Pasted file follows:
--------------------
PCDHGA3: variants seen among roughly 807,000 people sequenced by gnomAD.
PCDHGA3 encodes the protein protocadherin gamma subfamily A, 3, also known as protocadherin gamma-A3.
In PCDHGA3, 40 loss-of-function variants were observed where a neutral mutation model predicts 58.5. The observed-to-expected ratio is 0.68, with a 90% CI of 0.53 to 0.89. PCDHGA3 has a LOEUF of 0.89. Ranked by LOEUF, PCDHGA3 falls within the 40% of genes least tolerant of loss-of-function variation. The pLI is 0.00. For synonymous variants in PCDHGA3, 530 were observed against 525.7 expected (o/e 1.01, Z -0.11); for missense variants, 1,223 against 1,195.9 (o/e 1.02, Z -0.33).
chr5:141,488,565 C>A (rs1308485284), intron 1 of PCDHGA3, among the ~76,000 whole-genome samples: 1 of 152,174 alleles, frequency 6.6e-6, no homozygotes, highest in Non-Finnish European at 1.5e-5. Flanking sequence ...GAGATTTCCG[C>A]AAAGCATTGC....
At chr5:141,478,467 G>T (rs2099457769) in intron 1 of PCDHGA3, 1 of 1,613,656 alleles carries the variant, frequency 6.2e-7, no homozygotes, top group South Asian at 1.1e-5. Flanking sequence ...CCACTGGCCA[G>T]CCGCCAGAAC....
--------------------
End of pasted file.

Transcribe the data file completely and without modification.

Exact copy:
PCDHGA3: variants seen among roughly 807,000 people sequenced by gnomAD.
PCDHGA3 encodes the protein protocadherin gamma subfamily A, 3, also known as protocadherin gamma-A3.
In PCDHGA3, 40 loss-of-function variants were observed where a neutral mutation model predicts 58.5. The observed-to-expected ratio is 0.68, with a 90% CI of 0.53 to 0.89. PCDHGA3 has a LOEUF of 0.89. Ranked by LOEUF, PCDHGA3 falls within the 40% of genes least tolerant of loss-of-function variation. The pLI is 0.00. For synonymous variants in PCDHGA3, 530 were observed against 525.7 expected (o/e 1.01, Z -0.11); for missense variants, 1,223 against 1,195.9 (o/e 1.02, Z -0.33).
chr5:141,488,565 C>A (rs1308485284), intron 1 of PCDHGA3, among the ~76,000 whole-genome samples: 1 of 152,174 alleles, frequency 6.6e-6, no homozygotes, highest in Non-Finnish European at 1.5e-5. Flanking sequence ...GAGATTTCCG[C>A]AAAGCATTGC....
At chr5:141,478,467 G>T (rs2099457769) in intron 1 of PCDHGA3, 1 of 1,613,656 alleles carries the variant, frequency 6.2e-7, no homozygotes, top group South Asian at 1.1e-5. Flanking sequence ...CCACTGGCCA[G>T]CCGCCAGAAC....